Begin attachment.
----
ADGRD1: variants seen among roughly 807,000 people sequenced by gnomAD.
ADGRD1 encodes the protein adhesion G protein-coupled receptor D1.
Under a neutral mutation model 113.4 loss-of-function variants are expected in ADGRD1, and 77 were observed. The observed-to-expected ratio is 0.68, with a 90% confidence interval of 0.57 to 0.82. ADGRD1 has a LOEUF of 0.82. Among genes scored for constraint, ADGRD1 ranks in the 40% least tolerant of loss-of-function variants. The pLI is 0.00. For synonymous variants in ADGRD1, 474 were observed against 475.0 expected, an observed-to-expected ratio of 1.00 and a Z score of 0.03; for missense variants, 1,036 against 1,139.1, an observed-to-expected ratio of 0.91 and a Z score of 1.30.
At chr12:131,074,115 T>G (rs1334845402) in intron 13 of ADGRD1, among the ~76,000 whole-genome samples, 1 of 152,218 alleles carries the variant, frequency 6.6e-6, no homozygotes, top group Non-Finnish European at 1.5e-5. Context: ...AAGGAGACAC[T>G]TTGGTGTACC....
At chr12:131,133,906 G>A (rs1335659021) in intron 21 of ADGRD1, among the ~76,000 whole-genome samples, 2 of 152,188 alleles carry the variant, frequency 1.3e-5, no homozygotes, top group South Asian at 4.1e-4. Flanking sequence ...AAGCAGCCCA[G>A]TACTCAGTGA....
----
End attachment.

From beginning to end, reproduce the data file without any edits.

ADGRD1: variants seen among roughly 807,000 people sequenced by gnomAD.
ADGRD1 encodes the protein adhesion G protein-coupled receptor D1.
Under a neutral mutation model 113.4 loss-of-function variants are expected in ADGRD1, and 77 were observed. The observed-to-expected ratio is 0.68, with a 90% confidence interval of 0.57 to 0.82. ADGRD1 has a LOEUF of 0.82. Among genes scored for constraint, ADGRD1 ranks in the 40% least tolerant of loss-of-function variants. The pLI is 0.00. For synonymous variants in ADGRD1, 474 were observed against 475.0 expected, an observed-to-expected ratio of 1.00 and a Z score of 0.03; for missense variants, 1,036 against 1,139.1, an observed-to-expected ratio of 0.91 and a Z score of 1.30.
At chr12:131,074,115 T>G (rs1334845402) in intron 13 of ADGRD1, among the ~76,000 whole-genome samples, 1 of 152,218 alleles carries the variant, frequency 6.6e-6, no homozygotes, top group Non-Finnish European at 1.5e-5. Context: ...AAGGAGACAC[T>G]TTGGTGTACC....
At chr12:131,133,906 G>A (rs1335659021) in intron 21 of ADGRD1, among the ~76,000 whole-genome samples, 2 of 152,188 alleles carry the variant, frequency 1.3e-5, no homozygotes, top group South Asian at 4.1e-4. Flanking sequence ...AAGCAGCCCA[G>A]TACTCAGTGA....